At least on the surface, running back Reggie Bush is defying the NFL theory that the shelf life for running backs is shorter than for most other positions.
At least on the surface, Reggie Bush is defying the NFL theory that the shelf life for running backs is shorter than for most other positions.
There are no visible signs of wear and tear or serious damage as Bush enters his ninth pro season and second with the Lions.
Next March Bush will turn 30, the age threshold when running backs typically decline as if they’re sliding down a ski jump. When they reach the 30 barrier, the falloff is fast and steep.
Father Time wins every time as athletes battle to beat the clock, but Bush has a standoff in production and demeanor. His upbeat nature ingratiated him immediately with his teammates when he signed with the Lions last year, and he gave the offense a big-play threat running and receiving that had been nonexistent out of the backfield.
Outwardly, it seems as if Bush never has a bad day.
“When he shows up on the field, he’s always ready to go,” quarterback Matthew Stafford said after Monday’s first training camp practice. “He’s a guy that has high energy. He works at his craft and understands what it takes to be successful in this league.
“Physically, he looks great. He always looks the same. He looks healthy, which I know is a plus for a running back coming into a season, not starting off with any nicks. It seems like he’s moving around great.”
Bush has not been a workhorse back at any of his three stops – New Orleans, Miami and now Detroit – playing running back is still a grind that exposes players to a level of contact unlike other positions.
Last season’s league rushing stats show that running back is a position that relies on young legs.
With, 1,006 yards rushing, Bush was one of 13 backs to go over the 1,000-yard mark. Of the other 12, only the 49ers' Frank Gore is older and has played more seasons than Bush. Gore turns 31 this year in his ninth NFL season.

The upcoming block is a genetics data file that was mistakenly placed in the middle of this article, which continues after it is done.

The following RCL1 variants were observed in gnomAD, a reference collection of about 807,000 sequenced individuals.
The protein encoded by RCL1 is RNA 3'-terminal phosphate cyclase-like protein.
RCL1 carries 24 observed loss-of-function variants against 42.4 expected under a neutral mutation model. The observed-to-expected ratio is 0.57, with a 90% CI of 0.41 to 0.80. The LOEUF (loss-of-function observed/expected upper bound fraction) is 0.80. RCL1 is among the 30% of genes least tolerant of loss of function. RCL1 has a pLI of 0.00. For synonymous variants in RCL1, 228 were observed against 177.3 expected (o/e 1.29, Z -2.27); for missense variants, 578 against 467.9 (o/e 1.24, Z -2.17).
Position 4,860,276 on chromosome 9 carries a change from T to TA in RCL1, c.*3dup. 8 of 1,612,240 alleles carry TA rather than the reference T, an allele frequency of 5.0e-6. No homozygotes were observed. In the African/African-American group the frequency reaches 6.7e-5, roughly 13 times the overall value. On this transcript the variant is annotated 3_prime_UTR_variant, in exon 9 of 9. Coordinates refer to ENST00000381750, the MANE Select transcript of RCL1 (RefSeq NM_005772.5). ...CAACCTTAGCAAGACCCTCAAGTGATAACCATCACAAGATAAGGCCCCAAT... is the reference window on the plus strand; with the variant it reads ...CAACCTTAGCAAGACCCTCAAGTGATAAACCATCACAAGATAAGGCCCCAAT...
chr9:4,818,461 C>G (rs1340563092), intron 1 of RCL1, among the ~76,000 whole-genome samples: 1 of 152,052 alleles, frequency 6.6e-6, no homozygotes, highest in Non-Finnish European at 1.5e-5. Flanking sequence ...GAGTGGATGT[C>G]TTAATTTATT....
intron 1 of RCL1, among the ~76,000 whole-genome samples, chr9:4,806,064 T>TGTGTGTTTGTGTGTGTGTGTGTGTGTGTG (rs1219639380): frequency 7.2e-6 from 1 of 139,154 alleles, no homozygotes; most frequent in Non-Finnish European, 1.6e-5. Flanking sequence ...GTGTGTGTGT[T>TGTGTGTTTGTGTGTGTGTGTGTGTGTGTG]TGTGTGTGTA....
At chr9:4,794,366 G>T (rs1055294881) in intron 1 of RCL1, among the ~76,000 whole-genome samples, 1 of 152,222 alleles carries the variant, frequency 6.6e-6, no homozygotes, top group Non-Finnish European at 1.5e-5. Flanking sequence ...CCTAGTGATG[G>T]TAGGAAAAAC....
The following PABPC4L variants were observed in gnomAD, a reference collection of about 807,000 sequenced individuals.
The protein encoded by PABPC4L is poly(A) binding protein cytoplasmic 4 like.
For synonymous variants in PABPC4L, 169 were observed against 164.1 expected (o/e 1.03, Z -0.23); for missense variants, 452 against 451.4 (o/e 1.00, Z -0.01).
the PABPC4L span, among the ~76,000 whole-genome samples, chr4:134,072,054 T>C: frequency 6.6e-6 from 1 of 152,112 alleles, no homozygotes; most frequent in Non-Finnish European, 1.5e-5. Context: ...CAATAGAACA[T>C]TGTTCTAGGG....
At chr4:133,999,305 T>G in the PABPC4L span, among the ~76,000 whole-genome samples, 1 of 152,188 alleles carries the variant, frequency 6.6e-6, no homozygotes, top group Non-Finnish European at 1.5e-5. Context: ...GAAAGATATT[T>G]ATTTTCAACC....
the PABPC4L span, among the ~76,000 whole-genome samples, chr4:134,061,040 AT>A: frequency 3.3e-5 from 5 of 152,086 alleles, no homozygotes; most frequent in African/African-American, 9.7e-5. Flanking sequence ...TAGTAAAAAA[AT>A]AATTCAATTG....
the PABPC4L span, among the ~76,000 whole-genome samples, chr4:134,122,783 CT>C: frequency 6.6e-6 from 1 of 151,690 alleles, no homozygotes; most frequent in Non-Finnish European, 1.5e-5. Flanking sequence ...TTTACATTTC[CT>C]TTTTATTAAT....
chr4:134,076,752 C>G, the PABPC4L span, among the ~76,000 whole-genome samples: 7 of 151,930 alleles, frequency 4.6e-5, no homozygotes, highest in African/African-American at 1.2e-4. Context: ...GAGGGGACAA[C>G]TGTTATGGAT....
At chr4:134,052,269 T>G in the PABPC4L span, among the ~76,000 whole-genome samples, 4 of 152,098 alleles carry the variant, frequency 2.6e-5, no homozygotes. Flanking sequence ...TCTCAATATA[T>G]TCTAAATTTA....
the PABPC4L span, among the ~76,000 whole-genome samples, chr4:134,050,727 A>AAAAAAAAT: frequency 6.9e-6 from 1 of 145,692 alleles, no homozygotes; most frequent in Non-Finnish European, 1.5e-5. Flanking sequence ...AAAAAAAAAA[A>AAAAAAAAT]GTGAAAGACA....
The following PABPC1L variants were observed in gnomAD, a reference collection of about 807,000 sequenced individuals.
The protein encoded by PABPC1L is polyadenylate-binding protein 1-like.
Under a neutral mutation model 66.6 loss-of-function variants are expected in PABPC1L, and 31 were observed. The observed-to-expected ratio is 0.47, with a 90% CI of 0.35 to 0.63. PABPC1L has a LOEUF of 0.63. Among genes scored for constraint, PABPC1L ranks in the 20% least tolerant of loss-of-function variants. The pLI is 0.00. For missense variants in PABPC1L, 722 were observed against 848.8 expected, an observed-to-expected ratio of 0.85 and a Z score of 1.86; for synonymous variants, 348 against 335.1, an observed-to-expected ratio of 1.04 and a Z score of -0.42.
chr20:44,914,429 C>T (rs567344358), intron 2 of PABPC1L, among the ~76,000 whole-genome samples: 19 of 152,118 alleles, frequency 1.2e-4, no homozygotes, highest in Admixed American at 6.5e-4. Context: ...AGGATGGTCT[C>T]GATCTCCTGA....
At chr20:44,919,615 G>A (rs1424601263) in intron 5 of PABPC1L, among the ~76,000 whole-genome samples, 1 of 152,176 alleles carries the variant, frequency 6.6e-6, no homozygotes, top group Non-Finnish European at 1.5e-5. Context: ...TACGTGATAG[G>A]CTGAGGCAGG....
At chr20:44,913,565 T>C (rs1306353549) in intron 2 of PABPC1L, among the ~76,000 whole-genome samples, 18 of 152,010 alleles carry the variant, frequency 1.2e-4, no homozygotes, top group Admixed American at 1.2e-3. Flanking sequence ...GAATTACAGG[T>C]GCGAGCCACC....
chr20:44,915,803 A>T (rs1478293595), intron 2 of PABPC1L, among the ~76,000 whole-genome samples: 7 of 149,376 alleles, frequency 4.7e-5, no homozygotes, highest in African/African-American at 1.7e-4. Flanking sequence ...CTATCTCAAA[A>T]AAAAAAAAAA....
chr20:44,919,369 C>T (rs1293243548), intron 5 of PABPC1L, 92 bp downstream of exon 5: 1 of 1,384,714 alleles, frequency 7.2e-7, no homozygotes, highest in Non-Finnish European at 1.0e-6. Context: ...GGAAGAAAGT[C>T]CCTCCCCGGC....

The Vikings’ Adrian Peterson turned 29 in March and is in his eighth season. Also turning 29 this year are the Bears’ Matt Forte (seventh season) and the Jets’ Chris Johnson (seventh).
Bush has often used the line once spoken by all-time NFL rushing leader Emmitt Smith that playing running back is like having 25 car crashes a week. But day after day, Bush looks like he’s fresh out of the bump shop – as good as new, no signs of damage, and always upbeat.
“I think it’s a little bit of luck,” Bush said Monday. “Learning to take care of my body over the years comes with experience.”
As he spoke to reporters, Bush looked and sounded like he’d just had one of the most enjoyable days of his life. He actually likes training camp.
“I do,” he said. “I’m one of those guys who feels like I need it to get my body in football shape. I don’t feel like by any means I could play a regular-season game right now. I feel like I need to get a few preseason games in.
“The team has to get its chemistry – where it needs to be. Then we’ll be ready to play a game.”
One element of that chemistry Bush enjoys is the camaraderie of the locker room.
“My favorite part of training camp is just getting back in the locker room – being with the guys, being around the guys, telling jokes, laughing,” Bush said.
Bush had the heaviest workload of his career last season, with a personal high of 277 touches – 223 carries from scrimmage and 54 receptions. His 1,006 yards rushing and 506 receiving were the second highest totals of his career. The 1,512 yards from scrimmage were his career high.
It was the third straight year that Bush had at least 200 carries from scrimmage. The previous two were with Miami.
All signs point to the Lions making the running backs a bigger part of the offense this season under new head coach Jim Caldwell. That doesn’t necessarily mean more work for Bush, or any other individual back.
The workload will be divided among a collection of tailbacks, led by Bush and Joique Bell, and with a fullback as a lead blocker and pass-protector. How they’ll be used remains to be seen, but it’s likely they’ll try to take advantage of individual skills. For example, Theo Riddick could be a receiving specialist and get more work than the nine carries and four receptions he got as a rookie last year.
“I think it’s about keeping guys healthy,” Bush said. “I don’t think it’s just running back by committee, but make sure guys are healthy when we need to be playing our best football.”
By | Mike O’HaraSource Article